In fact, in many districts, the crush of drug cases was so great that the adjudication of ordinary civil cases virtually had ceased. The courthouse doors were all but closed to civil litigants. In the name of zero tolerance, Congress purposely began enacting legislation that did not have to meet the constitutional standard of proof beyond a reasonable doubt in criminal proceedings. In 1988, it authorized a system of fines of up to $10,000, imposed administratively under the authority of the Attorney General, without the necessity of a trial, although the individual may request an administrative hearing.
To soften the blow to due process, judicial review of an adverse administrative finding is permitted, but the individual bears the burden of retaining counsel and paying court filing fees. For those unable to finance a court challenge, this system will amount to punishment without trial. Moreover, it has been augmented by a provision in the Anti-Drug Abuse Act of 1988 that may suspend for one year an offender’s Federal benefits, contracts, grants, student loans, mortgage guarantees, and licenses upon conviction for a first offense. Both sanctions are a form of legal piling on.
The legislative intent is to punish the minor offender more severely than is authorized by the criminal law alone. Thus, the maximum penalty under Federal criminal law for a first offense of simple possession of a controlled substance is one year in prison and a $5,000 fine, with a minimum fine of $1,000. Fines up to $10,000 plus loss of Federal benefits obviously exceed those guidelines. The most recent innovation of this kind is a form of greenmail, a law that cuts off highway funds to states that do not suspend the driver’s licenses of those convicted of possession of illegal drugs.
The potential loss of work for those so punished and the adverse consequences on their families are not considered. The suspension is mandatory. Seizure and forfeiture The War on Drugs not only punishes drug users, it also penalizes those who are innocent and others who are on the periphery of wrongdoing. The most notable example is the widespread and accelerating practice, Federal and state, of seizing and forfeiting cars, planes, boats, houses, money, or property of any other kind carrying even minute amounts of illegal drugs, used to facilitate a transaction in narcotics, or representing the proceeds of drugs.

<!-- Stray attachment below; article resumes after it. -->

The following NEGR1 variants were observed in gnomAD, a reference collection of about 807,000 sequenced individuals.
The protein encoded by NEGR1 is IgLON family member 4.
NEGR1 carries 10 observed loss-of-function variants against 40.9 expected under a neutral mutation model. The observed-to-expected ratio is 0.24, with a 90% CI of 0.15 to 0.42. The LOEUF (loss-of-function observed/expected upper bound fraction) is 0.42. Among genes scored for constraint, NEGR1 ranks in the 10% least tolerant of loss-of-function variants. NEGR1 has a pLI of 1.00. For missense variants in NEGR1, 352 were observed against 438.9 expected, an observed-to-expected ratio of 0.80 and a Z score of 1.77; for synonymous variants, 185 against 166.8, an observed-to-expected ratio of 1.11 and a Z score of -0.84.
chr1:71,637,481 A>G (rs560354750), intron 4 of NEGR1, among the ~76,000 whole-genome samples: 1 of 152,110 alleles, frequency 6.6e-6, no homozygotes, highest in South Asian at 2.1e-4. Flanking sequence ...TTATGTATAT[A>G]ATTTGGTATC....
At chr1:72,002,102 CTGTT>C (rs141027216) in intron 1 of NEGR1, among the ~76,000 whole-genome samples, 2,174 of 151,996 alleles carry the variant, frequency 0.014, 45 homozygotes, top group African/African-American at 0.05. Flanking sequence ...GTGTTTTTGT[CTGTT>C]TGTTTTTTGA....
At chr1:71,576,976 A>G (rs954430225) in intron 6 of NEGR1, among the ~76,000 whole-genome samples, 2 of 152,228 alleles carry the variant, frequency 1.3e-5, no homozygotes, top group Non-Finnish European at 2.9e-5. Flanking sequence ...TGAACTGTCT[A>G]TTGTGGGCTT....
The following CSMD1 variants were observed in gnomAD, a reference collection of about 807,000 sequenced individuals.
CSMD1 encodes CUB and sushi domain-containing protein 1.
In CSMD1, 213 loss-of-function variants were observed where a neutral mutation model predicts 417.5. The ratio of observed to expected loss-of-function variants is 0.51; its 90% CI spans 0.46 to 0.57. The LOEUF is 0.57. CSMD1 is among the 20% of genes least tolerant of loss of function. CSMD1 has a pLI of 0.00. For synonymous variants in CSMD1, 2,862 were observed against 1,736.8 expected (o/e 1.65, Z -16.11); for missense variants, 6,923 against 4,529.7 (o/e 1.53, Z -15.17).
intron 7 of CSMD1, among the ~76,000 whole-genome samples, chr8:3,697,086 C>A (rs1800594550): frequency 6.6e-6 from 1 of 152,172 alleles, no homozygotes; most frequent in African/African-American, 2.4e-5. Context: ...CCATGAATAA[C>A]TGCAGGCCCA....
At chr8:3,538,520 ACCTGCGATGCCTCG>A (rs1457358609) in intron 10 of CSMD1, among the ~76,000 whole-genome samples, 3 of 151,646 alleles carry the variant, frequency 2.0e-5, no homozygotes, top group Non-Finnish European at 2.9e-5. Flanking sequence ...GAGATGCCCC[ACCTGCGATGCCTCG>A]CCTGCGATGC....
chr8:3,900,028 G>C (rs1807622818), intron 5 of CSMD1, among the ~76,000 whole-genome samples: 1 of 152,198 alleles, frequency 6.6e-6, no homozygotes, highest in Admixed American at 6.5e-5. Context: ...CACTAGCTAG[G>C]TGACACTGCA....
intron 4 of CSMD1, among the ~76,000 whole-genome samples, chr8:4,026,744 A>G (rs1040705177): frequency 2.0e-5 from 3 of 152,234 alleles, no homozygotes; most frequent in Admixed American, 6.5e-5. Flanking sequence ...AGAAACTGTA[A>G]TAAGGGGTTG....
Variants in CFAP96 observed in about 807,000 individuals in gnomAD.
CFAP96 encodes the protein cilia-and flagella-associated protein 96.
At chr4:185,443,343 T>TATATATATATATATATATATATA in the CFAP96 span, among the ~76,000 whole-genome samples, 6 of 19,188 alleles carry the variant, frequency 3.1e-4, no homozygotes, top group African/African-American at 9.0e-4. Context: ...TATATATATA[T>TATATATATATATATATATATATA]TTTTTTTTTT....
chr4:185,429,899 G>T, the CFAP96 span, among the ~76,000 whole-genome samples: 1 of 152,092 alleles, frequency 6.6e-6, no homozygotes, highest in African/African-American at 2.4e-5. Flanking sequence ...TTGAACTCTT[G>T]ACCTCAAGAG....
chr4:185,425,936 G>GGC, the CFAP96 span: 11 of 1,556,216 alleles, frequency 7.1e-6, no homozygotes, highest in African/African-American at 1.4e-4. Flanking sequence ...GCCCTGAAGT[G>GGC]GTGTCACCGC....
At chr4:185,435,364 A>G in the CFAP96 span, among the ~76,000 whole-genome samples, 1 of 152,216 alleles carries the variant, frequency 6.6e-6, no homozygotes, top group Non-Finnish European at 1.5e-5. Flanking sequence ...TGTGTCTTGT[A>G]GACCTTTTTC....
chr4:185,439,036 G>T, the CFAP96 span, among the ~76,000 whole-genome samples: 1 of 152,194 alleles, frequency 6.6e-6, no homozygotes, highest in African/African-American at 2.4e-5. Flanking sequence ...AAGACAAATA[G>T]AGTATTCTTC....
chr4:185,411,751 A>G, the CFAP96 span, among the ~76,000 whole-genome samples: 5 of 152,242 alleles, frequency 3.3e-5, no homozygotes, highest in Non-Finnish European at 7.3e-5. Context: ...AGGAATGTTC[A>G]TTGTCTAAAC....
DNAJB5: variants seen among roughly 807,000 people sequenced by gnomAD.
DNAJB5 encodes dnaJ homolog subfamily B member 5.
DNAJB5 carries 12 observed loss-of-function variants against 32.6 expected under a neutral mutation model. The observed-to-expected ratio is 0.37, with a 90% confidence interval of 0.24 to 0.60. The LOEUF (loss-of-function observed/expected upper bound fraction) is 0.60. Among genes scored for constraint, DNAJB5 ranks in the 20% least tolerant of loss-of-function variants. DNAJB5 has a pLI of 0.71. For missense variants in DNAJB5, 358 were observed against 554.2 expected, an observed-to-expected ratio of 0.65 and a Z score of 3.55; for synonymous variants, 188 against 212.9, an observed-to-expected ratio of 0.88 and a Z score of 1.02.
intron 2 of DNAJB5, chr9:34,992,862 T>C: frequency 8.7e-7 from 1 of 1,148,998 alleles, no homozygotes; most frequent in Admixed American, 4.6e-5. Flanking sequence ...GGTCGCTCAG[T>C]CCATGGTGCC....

Forfeiture is authorized, and enforced, without regard to the personal guilt of the owner. It matters not whether a person is tried and acquitted; the owner need not even be arrested. The property nonetheless is forfeitable because of a centuries-old legal fiction that says the property itself is “guilty. ” Relying on it, in March, 1988, the Federal government initiated highly publicized zero tolerance seizures of property that included the following:
* On April 30, 1988, the Coast Guard boarded and seized the motor yacht Ark Royal, valued at $2,500,000, because 10 marijuana seeds and two stems were found on board. Public criticism prompted a return of the boat, but not before payment of $1,600 in fines and fees by the owner. * The 52-foot Mindy was impounded for a week because cocaine dust in a rolled up dollar bill was found on board. * The $80,000,000 oceanographic research ship Atlantis II was seized in San Diego when the Coast Guard found 0.01 ounce of marijuana in a crewman’s shaving kit.
The vessel eventually was returned. * A Michigan couple returning from a Canadian vacation lost a 1987 Mercury Cougar when customs agents found two marijuana cigarettes in one of their pockets. No criminal charges were filed, but the car was kept by the government. * In Key West, Fla. , a shrimp fisherman lost his boat to the Coast Guard, which found three grams of cannabis seeds and stems on board. Under the law, the craft was forfeitable whether or not he had any responsibility for the drugs.